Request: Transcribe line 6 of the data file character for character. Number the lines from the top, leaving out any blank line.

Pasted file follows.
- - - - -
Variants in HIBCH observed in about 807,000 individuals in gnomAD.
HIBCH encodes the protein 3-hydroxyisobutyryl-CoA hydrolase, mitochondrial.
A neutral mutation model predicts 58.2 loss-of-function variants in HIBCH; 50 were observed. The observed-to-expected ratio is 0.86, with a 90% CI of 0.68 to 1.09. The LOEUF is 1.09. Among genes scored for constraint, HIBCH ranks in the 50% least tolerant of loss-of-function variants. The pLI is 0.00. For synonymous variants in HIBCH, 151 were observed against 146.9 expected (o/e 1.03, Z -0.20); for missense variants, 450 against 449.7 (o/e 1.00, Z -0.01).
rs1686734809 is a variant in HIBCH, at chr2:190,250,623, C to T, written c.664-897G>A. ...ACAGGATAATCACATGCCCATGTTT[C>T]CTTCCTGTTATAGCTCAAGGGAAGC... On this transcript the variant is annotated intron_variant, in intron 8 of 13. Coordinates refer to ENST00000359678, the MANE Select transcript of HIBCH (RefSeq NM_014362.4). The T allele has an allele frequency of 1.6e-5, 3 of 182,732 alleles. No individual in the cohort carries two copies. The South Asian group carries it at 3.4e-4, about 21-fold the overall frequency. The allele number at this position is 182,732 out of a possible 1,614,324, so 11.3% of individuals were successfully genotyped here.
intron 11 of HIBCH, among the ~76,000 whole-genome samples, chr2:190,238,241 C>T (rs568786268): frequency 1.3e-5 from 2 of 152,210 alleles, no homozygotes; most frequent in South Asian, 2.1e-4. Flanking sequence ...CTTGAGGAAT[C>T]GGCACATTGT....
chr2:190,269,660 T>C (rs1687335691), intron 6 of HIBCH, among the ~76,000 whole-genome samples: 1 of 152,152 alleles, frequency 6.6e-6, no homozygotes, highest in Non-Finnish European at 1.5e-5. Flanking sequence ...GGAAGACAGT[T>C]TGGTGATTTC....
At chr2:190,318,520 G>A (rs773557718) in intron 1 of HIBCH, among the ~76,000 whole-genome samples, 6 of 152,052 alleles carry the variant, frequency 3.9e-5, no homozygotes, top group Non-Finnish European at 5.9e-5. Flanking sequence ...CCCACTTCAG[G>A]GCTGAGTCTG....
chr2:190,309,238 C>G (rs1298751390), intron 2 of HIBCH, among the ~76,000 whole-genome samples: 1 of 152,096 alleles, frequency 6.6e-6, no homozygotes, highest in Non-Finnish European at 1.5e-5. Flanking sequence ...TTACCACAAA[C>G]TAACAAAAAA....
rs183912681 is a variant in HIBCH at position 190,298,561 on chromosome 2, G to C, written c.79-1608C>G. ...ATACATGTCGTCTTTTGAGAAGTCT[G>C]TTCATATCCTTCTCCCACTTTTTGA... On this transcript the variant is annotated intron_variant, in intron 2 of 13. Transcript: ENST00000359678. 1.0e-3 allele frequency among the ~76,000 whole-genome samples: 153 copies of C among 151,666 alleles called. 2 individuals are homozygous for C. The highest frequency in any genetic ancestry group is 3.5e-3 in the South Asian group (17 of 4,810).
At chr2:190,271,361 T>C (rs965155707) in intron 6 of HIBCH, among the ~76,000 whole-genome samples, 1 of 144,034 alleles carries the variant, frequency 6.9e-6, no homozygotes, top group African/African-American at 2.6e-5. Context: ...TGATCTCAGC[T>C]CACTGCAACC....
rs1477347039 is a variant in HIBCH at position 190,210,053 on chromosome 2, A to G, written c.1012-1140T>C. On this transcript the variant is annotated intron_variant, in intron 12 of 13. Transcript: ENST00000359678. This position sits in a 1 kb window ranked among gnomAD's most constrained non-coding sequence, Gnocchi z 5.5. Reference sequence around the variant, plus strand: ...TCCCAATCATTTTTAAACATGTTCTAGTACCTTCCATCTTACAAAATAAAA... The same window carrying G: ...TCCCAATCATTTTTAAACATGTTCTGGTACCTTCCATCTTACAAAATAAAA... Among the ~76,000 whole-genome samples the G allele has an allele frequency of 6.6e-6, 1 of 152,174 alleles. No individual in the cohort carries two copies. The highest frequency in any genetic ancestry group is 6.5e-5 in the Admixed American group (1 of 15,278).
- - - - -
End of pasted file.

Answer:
chr2:190,269,660 T>C (rs1687335691), intron 6 of HIBCH, among the ~76,000 whole-genome samples: 1 of 152,152 alleles, frequency 6.6e-6, no homozygotes, highest in Non-Finnish European at 1.5e-5. Flanking sequence ...GGAAGACAGT[T>C]TGGTGATTTC....